Hospices across the north west of England have announced a major funding crisis, with 29 of the 30 hospices in the region warning of a budget shortfall in the coming year, leading to the possibility that vital services will have to go if they do not receive more funding from central government.
A report published in September last year by Hospice UK showed the crisis is a national one, finding that government funding for adult hospices has fallen by £47 million in the past two years. Information gathered from Integrated Care Boards (ICBs) across England showed that there was not a single area in Britain where government financing of local hospice services had not been cut in the last two years.
Government money is distributed via ICBs, who have a statutory requirement to provide resources for palliative and end-of-life care. They are expected to increase funding for hospices, reflecting increased costs and demand (the need for palliative care is projected to increase by 25 percent by 2048), yet are ultimately limited by the funds provided them by central government.
In the last two years, no ICB provided any uplift in contract funding to hospices that matched increases in inflation, with 5 percent of ICBs providing no increases at all.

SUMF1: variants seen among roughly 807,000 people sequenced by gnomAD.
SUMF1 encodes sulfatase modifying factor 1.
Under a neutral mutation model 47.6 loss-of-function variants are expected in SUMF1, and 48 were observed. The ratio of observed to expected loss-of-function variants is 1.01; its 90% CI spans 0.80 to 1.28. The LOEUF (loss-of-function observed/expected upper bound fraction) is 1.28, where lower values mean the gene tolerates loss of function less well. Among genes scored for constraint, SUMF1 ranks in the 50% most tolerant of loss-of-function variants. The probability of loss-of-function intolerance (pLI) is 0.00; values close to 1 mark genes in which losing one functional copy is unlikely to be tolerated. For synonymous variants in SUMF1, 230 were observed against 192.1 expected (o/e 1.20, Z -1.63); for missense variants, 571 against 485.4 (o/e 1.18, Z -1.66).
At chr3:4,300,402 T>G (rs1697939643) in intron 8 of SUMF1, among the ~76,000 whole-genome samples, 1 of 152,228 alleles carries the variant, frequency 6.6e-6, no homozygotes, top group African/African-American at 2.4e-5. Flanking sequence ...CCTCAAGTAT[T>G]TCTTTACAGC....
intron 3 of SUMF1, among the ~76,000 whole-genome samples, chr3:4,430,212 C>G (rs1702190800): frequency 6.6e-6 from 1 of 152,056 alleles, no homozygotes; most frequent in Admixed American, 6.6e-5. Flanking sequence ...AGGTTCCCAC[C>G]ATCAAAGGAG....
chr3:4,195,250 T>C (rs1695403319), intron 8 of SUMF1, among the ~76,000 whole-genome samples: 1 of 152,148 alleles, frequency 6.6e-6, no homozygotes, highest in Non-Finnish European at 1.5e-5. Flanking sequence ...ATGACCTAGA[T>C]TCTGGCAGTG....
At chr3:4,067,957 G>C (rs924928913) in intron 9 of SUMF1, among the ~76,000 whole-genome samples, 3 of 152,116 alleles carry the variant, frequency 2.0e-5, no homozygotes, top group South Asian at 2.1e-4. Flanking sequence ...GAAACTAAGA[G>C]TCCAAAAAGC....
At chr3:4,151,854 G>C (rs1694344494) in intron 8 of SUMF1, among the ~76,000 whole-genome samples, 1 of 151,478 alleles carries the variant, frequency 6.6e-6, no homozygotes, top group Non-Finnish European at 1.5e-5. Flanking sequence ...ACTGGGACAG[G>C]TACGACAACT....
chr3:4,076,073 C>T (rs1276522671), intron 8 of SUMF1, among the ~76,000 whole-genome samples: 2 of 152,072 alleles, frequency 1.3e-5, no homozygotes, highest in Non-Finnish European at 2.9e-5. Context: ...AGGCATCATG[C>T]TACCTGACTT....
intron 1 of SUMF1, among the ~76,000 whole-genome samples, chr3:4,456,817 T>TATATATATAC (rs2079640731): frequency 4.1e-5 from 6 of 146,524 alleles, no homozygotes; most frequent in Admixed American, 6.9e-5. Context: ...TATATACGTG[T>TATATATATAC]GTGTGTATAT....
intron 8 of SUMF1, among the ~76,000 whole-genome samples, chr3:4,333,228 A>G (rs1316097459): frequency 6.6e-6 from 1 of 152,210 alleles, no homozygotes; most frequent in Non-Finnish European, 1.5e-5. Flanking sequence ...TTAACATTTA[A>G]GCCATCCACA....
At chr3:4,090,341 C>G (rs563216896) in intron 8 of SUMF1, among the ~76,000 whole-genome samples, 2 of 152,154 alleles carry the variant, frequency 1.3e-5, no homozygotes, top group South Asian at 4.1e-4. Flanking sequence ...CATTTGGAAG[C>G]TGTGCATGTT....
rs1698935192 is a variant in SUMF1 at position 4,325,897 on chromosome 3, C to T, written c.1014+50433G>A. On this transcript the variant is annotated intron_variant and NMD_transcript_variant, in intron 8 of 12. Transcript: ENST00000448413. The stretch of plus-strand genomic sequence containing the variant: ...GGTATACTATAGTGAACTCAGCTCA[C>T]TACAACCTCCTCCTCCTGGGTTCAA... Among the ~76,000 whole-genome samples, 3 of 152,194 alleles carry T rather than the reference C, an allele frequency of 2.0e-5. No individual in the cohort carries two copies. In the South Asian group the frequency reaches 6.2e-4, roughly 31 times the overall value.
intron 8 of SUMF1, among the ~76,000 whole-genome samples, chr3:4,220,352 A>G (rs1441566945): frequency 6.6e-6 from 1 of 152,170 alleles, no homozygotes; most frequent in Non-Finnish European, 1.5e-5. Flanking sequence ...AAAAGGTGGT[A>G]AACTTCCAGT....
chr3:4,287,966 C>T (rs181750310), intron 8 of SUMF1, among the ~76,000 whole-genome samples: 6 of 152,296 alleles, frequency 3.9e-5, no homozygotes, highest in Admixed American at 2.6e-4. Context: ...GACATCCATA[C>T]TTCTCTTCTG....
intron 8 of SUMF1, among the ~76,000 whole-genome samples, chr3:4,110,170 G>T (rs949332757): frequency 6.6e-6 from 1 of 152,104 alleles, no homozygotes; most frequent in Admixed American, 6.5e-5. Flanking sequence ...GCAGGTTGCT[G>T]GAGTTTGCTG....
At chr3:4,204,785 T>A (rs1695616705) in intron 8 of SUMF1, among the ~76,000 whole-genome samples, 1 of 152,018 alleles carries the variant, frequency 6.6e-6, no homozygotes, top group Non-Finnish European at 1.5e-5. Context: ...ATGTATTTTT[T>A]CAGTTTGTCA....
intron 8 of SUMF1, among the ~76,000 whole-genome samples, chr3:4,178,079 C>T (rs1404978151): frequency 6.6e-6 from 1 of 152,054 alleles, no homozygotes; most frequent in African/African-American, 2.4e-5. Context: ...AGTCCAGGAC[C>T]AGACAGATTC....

Hospices are waiting to hear how much funding they will receive for 2024/25.
The institutions provide care for up to 23,000 people in the north west of England, and 300,000 people a year nationally. They are an integral part of the healthcare system yet remain largely funded by charities, with adult hospices only receiving one third of their funding from the state.
Now the communities that provide funding are being hit by a cost-of-living crisis and struggling to pay essential bills. Many people have very little excess income to make contributions to charities.
At the same time, hospices’ own costs are going up. Intensive users of gas and electricity, they have reported a 350 percent increase in energy bills. An increase in the minimum wage and rising supplier and maintenance costs have also had an impact.